The details of hundreds of junior doctors has been mistakenly published online by an NHS trust, according to the Health Service Journal.
In wake of this news – an instance of another data protection failure – Phil Codd, managing director Ireland & UKI Regional Director at SQS Group, is calling for the NHS to prioritise quality above all else when it comes to IT.
“The news that NHS staff’s personal details have been made public due to a data breach shows vulnerabilities in the NHS’ IT infrastructure. While patient data has not been leaked, the details of hundreds of junior doctors mistakenly being published online by an NHS trust shows that there is still much more to learn since the WannaCry cyber attack.
“It has always been important to protect personal data, and the reality of today’s ever changing digital environment, organisations need to fully understand their data models; get to grips with their potentially unstructured and poorly managed data, and put processes in place to keep it safe. Defining, implementing and rigorously testing their data management procedures will enable institutions to get it right, to live up to their data privacy policies and to prevent avoidable data breaches in the future.”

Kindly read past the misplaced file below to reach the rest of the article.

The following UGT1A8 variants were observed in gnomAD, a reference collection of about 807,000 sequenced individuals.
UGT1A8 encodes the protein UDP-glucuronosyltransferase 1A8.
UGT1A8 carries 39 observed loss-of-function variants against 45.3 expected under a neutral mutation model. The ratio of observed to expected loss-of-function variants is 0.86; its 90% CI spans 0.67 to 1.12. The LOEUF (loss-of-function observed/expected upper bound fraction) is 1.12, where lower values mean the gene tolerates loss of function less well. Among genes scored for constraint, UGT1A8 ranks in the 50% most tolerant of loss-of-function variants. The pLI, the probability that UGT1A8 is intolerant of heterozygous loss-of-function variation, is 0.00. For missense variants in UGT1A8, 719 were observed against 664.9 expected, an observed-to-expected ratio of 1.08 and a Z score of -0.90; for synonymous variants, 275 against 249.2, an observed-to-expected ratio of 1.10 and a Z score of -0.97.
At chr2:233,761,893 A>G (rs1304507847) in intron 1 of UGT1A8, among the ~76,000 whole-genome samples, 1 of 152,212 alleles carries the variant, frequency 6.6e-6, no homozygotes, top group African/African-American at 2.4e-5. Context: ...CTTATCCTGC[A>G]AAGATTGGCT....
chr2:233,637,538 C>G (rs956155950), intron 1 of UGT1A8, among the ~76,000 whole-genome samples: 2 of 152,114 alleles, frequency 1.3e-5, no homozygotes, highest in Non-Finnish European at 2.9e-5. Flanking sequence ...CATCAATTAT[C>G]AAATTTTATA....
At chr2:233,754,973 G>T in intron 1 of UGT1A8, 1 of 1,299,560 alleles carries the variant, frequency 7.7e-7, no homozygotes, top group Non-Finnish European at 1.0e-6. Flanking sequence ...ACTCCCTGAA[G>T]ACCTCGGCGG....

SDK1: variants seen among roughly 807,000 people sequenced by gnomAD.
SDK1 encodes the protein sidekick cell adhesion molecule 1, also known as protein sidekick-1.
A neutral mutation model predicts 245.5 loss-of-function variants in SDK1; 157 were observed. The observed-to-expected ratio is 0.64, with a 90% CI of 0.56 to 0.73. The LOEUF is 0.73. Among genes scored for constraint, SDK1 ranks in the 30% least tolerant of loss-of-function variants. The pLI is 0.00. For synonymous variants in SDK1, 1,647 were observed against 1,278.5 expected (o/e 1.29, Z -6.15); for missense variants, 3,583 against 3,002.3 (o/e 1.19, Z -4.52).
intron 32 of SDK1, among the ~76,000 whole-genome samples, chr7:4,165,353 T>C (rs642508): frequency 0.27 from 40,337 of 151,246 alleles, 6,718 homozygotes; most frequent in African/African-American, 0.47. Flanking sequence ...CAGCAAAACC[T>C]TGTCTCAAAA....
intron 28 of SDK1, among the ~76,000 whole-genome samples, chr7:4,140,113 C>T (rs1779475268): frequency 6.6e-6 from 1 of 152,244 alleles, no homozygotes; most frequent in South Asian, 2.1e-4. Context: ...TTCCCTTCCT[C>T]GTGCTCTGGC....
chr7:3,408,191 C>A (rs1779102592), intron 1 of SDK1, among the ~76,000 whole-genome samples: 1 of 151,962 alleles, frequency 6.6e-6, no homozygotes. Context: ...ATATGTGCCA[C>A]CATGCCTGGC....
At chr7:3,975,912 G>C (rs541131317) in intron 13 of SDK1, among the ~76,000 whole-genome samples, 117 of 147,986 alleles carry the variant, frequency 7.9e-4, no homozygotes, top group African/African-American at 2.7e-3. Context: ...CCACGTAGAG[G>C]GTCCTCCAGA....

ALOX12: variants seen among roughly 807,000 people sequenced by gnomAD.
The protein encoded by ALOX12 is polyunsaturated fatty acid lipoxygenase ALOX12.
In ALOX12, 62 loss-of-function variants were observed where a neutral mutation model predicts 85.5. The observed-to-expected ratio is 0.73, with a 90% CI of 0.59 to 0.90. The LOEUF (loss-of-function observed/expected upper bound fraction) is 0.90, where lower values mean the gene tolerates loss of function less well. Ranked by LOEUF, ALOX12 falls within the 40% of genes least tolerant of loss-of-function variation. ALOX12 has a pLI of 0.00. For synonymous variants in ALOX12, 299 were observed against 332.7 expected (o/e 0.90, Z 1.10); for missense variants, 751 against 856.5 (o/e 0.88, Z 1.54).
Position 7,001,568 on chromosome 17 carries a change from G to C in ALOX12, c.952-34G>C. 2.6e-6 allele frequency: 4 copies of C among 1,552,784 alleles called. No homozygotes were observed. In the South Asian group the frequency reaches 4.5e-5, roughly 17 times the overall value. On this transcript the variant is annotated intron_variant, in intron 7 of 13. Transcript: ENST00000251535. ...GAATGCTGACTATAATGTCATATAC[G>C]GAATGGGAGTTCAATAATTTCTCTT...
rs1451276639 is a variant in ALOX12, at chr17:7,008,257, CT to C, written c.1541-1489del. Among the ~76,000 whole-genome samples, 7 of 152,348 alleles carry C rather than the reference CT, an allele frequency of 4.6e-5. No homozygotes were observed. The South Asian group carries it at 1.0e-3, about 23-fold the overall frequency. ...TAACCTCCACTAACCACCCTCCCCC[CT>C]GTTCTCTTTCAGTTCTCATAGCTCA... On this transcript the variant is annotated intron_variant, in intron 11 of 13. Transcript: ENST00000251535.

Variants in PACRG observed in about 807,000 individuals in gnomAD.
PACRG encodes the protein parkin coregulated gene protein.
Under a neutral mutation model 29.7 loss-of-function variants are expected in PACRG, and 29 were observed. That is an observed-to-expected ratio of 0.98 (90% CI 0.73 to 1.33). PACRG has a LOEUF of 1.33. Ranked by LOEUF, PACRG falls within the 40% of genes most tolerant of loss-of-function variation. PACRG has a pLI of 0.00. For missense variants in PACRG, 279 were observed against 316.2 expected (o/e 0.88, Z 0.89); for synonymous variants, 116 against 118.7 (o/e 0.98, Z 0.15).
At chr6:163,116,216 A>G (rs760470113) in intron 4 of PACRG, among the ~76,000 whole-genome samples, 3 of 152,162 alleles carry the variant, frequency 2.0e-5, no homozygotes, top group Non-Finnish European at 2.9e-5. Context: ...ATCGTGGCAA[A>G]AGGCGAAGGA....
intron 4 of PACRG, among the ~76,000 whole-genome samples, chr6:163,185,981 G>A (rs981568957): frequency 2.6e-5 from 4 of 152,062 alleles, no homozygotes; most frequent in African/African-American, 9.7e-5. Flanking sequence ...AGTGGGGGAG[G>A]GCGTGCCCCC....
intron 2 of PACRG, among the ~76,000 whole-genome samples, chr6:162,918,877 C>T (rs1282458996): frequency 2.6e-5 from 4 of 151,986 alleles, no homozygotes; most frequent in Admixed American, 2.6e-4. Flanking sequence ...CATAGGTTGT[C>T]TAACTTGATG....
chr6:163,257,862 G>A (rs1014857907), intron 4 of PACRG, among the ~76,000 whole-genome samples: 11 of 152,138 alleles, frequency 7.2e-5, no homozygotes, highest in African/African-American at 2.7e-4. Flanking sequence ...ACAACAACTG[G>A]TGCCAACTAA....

He also emphasised the difficulty the NHS has been placed under to cut costs, while embracing digital transformation to improve services. This forces the institution to outsource IT contracts, which may be a major factor as to why the NHS seems to be experiencing so many high-profile IT problems.
“With the current turbulent British political landscape, many public sector organisations have been placed under pressure to cut costs and embrace digital methods to improve services. In doing so, data integrity and quality have not been appropriately prioritised.”
“Quality ensures that the necessary safeguards are in place to protect staff and patients during digital change. This data leak is a stark reminder of the risks associated with providing and managing people’s data, and suggests that the lack of quality focus within organisations can, and will, harm trust – something that the NHS can ill afford.”
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